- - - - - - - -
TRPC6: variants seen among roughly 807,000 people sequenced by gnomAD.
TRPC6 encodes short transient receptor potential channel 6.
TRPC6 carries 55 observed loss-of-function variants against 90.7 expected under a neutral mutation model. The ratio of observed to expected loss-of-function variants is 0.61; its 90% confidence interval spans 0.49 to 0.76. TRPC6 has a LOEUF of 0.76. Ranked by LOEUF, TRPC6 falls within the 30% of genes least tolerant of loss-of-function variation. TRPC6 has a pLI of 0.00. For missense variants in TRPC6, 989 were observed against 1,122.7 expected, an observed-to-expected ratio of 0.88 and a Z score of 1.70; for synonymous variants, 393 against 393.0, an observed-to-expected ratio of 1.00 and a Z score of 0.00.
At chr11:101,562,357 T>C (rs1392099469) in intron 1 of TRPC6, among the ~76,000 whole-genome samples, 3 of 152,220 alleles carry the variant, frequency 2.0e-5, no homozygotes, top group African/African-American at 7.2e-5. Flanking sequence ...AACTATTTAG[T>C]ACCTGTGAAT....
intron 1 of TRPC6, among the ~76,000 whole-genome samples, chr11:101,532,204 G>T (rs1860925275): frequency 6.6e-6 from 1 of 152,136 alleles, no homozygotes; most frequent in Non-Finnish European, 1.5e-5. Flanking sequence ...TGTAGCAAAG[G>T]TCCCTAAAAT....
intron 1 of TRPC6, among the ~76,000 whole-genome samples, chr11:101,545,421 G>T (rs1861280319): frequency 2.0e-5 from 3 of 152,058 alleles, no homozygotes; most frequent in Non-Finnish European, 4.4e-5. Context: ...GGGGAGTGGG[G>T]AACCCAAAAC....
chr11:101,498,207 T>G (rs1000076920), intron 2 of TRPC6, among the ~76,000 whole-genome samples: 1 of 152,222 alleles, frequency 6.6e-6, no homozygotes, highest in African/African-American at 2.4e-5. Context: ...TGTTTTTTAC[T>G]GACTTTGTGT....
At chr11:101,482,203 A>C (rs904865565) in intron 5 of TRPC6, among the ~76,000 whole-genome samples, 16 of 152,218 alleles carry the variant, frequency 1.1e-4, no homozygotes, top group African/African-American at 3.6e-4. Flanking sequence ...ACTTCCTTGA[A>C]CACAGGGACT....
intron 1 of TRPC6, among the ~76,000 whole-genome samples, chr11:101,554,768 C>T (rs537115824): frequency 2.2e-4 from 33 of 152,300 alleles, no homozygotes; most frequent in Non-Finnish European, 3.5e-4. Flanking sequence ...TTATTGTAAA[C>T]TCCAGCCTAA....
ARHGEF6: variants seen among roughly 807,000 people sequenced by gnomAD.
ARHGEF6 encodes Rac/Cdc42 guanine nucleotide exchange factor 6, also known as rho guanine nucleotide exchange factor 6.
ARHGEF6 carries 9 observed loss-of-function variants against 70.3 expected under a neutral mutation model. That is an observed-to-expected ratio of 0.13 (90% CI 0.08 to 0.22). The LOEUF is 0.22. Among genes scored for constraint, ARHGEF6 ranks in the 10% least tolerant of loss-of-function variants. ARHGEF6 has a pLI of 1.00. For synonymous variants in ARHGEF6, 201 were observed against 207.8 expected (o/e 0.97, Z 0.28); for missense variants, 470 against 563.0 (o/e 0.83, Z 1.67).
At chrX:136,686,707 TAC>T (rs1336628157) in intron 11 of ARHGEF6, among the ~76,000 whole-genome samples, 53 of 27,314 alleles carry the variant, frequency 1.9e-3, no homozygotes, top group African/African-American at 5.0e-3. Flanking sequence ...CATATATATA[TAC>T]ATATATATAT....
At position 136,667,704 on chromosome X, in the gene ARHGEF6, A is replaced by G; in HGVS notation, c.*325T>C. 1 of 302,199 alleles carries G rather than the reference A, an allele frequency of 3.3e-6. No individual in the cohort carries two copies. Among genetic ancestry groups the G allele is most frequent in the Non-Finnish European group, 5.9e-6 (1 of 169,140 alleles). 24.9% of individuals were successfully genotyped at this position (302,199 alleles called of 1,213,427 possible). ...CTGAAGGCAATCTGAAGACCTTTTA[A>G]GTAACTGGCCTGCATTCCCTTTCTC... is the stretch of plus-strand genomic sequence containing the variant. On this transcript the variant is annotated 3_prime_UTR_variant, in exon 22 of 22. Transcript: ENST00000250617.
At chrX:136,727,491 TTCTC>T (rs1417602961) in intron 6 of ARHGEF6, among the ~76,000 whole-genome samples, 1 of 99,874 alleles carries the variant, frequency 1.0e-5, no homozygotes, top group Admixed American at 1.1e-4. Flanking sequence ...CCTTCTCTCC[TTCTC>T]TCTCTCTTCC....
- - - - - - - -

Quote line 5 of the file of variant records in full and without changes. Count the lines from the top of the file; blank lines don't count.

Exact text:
intron 1 of TRPC6, among the ~76,000 whole-genome samples, chr11:101,532,204 G>T (rs1860925275): frequency 6.6e-6 from 1 of 152,136 alleles, no homozygotes; most frequent in Non-Finnish European, 1.5e-5. Flanking sequence ...TGTAGCAAAG[G>T]TCCCTAAAAT....